Virtualization users should expect more attacks

Hackers are increasingly focusing their attention on virtualized environments.

VMware's recent release of a large number of patches for its virtualization offerings is likely to be the first of many, as hackers increasingly focus their attention on virtualized environments.

That is according to security vendor, Fortify Software, which is urging caution among those companies looking to adopt virtualization technology.

Last week, the virtualization market leader VMware warned of at least 16 vulnerabilities concerning VMware ACE, VMware Server, VMware ESX, VMware Workstation and VMware Player. The advisory also included links to a number of patches.

The US Computer Emergency Readiness Team (US-CERT) meanwhile said these vulnerabilities could allow hackers to execute arbitrary code, cause a denial-of-service condition, access the system with elevated privileges, or obtain sensitive information.

"With the dramatic fall in processor prices over the last 12 months and the amplifying effects of the credit crunch, many companies are reviewing their IT resources and concluding that virtual servers are a highly cost-effective and business-efficient way to go," said Rob Rachwald, Fortify's director of product marketing.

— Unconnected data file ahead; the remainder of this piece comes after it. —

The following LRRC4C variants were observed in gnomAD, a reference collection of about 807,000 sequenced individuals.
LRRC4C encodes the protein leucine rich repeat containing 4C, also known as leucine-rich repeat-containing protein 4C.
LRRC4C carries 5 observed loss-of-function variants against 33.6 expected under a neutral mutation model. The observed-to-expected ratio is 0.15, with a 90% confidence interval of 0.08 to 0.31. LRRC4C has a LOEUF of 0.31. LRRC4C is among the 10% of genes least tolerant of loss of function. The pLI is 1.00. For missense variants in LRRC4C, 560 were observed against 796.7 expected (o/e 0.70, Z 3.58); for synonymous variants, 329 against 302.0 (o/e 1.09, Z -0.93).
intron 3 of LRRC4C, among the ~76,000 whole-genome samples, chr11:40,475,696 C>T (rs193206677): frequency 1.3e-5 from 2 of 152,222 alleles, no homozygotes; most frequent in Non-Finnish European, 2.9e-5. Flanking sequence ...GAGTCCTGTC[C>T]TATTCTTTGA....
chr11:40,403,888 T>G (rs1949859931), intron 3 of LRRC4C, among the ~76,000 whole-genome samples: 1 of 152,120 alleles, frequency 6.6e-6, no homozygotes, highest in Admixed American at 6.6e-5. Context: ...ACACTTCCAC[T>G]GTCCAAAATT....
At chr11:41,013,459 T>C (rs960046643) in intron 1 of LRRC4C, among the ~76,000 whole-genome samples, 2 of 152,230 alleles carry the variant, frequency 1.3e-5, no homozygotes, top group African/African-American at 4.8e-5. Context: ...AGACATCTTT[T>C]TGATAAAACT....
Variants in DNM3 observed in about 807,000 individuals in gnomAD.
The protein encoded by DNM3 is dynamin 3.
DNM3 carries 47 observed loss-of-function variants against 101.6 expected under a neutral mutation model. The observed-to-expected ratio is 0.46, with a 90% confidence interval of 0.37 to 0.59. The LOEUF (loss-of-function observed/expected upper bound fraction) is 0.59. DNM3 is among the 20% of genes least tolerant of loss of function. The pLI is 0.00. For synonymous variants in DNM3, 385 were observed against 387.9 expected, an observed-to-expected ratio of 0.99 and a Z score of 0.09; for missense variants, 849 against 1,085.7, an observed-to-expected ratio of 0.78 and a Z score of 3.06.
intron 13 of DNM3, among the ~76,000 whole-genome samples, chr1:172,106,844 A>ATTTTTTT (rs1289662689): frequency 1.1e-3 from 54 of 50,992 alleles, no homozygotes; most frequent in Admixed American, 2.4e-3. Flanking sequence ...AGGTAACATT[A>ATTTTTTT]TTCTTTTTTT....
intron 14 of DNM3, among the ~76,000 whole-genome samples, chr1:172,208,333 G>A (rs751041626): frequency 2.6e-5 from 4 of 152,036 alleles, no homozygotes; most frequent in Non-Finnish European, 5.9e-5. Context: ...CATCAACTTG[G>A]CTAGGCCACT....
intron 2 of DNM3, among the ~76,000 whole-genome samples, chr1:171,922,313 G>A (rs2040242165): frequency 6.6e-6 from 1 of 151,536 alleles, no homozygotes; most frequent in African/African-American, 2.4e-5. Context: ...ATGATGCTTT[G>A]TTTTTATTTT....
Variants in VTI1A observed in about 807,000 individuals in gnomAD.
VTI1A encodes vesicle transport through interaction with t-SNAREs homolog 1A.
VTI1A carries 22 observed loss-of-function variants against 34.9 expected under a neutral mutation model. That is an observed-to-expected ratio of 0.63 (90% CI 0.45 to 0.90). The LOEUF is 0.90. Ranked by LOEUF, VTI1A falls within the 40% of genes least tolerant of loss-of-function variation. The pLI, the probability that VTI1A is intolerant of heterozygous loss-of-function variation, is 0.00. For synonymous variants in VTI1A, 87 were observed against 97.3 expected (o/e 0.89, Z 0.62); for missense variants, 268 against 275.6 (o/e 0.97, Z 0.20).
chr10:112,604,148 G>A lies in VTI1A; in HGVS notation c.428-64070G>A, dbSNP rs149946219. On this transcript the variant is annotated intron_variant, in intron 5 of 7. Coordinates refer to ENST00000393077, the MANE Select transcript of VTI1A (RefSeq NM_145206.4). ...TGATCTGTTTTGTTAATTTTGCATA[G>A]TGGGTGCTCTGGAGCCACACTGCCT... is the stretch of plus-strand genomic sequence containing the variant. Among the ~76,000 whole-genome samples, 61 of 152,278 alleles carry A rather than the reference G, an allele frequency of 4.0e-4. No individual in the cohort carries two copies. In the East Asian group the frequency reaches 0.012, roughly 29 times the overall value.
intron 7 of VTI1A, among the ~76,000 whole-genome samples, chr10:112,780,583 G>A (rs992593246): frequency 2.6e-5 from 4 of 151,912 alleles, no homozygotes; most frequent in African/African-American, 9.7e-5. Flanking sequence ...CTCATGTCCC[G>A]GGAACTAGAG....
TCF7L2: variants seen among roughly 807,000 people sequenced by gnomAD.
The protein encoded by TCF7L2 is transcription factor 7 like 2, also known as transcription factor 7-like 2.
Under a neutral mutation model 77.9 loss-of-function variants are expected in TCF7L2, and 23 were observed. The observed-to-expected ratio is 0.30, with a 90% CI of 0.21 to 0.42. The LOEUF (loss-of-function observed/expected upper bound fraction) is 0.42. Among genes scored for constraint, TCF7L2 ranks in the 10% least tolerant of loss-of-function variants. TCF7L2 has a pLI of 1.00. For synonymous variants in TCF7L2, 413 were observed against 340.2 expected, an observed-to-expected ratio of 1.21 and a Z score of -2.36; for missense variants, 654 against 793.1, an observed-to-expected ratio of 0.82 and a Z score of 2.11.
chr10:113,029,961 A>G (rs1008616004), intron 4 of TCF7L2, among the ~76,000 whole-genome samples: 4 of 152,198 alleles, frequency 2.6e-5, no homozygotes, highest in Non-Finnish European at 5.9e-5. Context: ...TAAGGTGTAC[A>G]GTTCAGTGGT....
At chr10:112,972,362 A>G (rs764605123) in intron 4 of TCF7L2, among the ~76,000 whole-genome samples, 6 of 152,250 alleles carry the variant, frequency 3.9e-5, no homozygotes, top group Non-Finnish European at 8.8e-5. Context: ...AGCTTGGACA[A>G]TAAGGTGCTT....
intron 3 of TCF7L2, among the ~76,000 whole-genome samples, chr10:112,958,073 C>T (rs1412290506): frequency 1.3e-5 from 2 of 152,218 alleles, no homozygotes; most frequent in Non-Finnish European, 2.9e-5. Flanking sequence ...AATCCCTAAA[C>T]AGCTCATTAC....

"A typical major business may find that VMware gives them access to, say, 16 virtual servers when they only have 12 physical servers. This is a real cost-saver and also allows companies to start taking out more innovative software licences as well," he added.

According to Rachwald, this is why so many major organizations were going down the virtual server route.

But he warns the problem comes about because many conventional IT security applications do not fully protect virtual server users.

"It's a whole new security ballgame, which is why we urge anyone contemplating migrating over to the benefits of a virtual server system to review their IT security systems," said Rachwald. "It's also one of the reasons why we predict that virtual server patches will become commonplace in the months ahead," he explained.

Meanwhile, another security vendor admits it has not yet seen any specific attacks on virtualized announcements, but nevertheless feels that an attack may not be far off as some people think. "People are looking at virtualization for sorts of reasons, but to the best of my knowledge, we have not seen any wholesale attack on virtualized environments to date," said David Emm, senior technology consultant at Kaspersky Lab.

"That said, any commonly used system does become a juicy target for these guys," he told Techworld. "For example, it used to be said that Internet Explorer was less secure than Firefox, but as more and more people use Firefox, we are seeing more and more Firefox vulnerabilities. The same will be true for virtualized environments."